The rankings....

1. Phillip Phillips Yes, Skylar closed out the night in a really lovely, powerful fashion, but seriously, it was "Wind Beneath My Freakin' Wings." Who COULDN'T hit that out of the ballpark? What I loved about Phillip's performance was that he took a song that people may recognize but a song that's not necessarily a huge part of our pop culture landscape (although "That's All" by Genesis is a song I've always absolutely adored), added just enough of his own flavor, and gave a killer performance. When you factor in his amazing duet with Elise on "Stop Dragging My Heart Around," there's no denying this kid is the shizz. "That's All" became this empassioned, almost creepy song of betrayal that left me more than a little unsettled. As my sis said during the bridge, "Yeah, they'll be together 'til the end because he's going to freakin' KILL HER!" I know the judges want us to invest in a Jessica-Joshua finale, but come on! Phillip is definitely the more viable contemporary artist up there because he's ACTUALLY AN ARTIST rather than a really good karaoke singer. (Yeah, I said it!)
2. Skylar Laine Yes, Skylar was good. She was gorgeous. But again, "Wind Beneath My Wings...." SIGH!
3. Colton Dixon I'm not going to lie. Colton's appeal is waning for me. He seems like he might be a little arrogant. He seems like he's trying just a little too hard. It doesn't help that I've never been a huge fan of "Time After Time" (GASP! I KNOW!), although I did think it was classy for Colton to ignore Ryan's question about his new dye job to give props to the artists whose arrangement for the song he stole. Also, is it just me or is Colton's enunciation borderline drunken vagrant?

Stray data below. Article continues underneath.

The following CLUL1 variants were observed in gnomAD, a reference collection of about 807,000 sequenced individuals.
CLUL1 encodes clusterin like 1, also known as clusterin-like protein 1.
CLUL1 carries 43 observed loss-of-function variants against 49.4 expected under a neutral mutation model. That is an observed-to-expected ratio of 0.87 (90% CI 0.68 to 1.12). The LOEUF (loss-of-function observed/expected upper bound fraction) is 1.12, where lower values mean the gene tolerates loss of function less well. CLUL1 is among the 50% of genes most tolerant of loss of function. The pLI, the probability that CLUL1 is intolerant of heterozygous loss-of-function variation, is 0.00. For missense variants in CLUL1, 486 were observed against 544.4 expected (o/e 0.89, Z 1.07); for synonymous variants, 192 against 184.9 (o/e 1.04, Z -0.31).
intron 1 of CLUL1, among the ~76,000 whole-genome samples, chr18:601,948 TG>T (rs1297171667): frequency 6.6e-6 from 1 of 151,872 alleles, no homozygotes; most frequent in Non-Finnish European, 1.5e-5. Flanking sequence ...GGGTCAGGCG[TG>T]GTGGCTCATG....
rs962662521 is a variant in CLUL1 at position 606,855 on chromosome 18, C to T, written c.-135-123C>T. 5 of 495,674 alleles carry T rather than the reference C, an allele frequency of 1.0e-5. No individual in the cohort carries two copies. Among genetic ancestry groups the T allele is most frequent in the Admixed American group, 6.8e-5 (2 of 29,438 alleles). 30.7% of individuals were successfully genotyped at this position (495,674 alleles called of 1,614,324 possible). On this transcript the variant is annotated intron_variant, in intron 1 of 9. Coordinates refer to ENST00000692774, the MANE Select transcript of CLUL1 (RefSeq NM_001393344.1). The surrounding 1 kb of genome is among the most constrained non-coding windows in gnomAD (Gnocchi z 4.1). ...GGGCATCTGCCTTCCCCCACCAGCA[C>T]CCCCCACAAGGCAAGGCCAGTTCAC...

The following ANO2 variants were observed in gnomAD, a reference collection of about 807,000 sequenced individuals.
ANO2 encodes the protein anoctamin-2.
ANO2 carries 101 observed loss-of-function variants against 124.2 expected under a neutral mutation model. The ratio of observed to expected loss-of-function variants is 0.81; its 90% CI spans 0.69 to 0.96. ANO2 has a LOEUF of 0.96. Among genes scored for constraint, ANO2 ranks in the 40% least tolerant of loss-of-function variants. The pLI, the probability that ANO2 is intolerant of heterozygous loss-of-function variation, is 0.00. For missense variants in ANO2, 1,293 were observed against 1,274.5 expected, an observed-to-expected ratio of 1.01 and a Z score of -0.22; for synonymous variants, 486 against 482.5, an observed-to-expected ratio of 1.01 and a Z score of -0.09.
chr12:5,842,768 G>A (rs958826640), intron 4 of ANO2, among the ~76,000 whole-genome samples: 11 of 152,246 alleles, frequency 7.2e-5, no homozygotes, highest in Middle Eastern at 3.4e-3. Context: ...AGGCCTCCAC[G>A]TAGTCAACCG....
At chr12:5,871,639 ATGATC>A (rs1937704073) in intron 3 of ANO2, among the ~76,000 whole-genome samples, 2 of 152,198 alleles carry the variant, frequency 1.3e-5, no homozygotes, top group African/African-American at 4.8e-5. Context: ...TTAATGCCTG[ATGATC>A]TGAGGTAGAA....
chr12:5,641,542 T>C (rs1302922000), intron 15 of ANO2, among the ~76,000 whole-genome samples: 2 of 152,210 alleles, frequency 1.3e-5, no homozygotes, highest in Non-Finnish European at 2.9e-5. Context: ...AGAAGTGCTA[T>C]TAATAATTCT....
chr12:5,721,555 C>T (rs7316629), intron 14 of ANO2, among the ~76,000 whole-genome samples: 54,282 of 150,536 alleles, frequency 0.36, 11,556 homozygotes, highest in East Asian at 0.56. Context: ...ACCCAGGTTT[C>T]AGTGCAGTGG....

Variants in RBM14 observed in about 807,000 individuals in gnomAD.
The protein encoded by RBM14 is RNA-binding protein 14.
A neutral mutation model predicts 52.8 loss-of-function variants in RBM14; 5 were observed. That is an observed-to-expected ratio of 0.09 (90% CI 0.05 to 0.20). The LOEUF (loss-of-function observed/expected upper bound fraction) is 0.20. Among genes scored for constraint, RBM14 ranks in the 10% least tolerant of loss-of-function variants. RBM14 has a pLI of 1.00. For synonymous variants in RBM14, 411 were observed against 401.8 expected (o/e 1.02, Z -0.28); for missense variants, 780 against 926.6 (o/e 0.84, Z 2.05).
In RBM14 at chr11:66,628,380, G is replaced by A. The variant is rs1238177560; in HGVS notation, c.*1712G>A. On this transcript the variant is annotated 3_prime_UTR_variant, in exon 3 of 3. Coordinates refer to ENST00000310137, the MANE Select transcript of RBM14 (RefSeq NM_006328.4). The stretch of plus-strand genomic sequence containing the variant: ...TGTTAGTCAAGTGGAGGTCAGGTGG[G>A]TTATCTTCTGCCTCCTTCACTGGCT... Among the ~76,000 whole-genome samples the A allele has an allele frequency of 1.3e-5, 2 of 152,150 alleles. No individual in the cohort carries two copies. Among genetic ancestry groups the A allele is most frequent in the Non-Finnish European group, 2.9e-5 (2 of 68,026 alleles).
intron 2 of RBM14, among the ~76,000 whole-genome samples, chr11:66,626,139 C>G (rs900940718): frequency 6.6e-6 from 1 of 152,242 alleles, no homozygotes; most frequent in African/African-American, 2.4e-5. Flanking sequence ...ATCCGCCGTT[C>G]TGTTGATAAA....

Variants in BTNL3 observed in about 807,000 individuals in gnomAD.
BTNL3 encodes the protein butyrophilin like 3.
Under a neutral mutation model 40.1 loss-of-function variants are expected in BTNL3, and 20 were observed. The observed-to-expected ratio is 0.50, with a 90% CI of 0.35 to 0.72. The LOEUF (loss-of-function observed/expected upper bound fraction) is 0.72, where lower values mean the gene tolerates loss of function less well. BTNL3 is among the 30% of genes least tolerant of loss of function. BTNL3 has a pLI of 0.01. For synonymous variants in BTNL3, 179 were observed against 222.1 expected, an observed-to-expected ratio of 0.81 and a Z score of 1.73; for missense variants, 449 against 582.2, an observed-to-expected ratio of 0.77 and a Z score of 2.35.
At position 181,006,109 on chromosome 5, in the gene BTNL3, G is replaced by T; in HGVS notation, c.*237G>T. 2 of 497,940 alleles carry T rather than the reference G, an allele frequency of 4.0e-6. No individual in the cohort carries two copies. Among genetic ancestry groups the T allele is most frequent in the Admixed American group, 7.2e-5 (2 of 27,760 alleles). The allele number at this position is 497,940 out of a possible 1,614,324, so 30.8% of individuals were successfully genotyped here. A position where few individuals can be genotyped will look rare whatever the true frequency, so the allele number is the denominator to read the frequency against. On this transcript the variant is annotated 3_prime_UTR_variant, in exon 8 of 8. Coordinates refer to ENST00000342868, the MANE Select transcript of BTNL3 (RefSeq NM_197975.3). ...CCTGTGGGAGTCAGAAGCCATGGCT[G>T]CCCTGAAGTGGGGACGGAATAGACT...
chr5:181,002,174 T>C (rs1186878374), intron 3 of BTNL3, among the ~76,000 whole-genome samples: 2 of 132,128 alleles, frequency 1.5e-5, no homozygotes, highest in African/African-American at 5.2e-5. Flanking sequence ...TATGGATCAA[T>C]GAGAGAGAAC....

4. DeAndre Brackensick I know -- shocker! But I have to say that I thought DeAndre's performance was pretty decent. It helps that he didn't sing the entire song in his falsetto range, allowing his lower range to really shine. Seriously, if this kid had a little time, he could be a superstar, but he needs time for his voice to marinate -- time he's not going to get on this show. Had DeAndre entered this competition as a 21 year old, he'd be poised to become the next Justin Timberlake. As it is, he's probably going to be one of those "Oh, yeah! THAT guy!" types of guys.
5. Joshua Ledet You know, I get that Joshua is talented. I get his voice is amazing. But good Lord! It's just so MUCH! I get a little tired of the screaming and the wailing and the vocal gymnastics. Where does that fit in in today's market? WHERE!!?!?!? (Props, though, to the person brave enough to break into the local country club and steal the arm chair that was used to create Joshua's blazer last night.)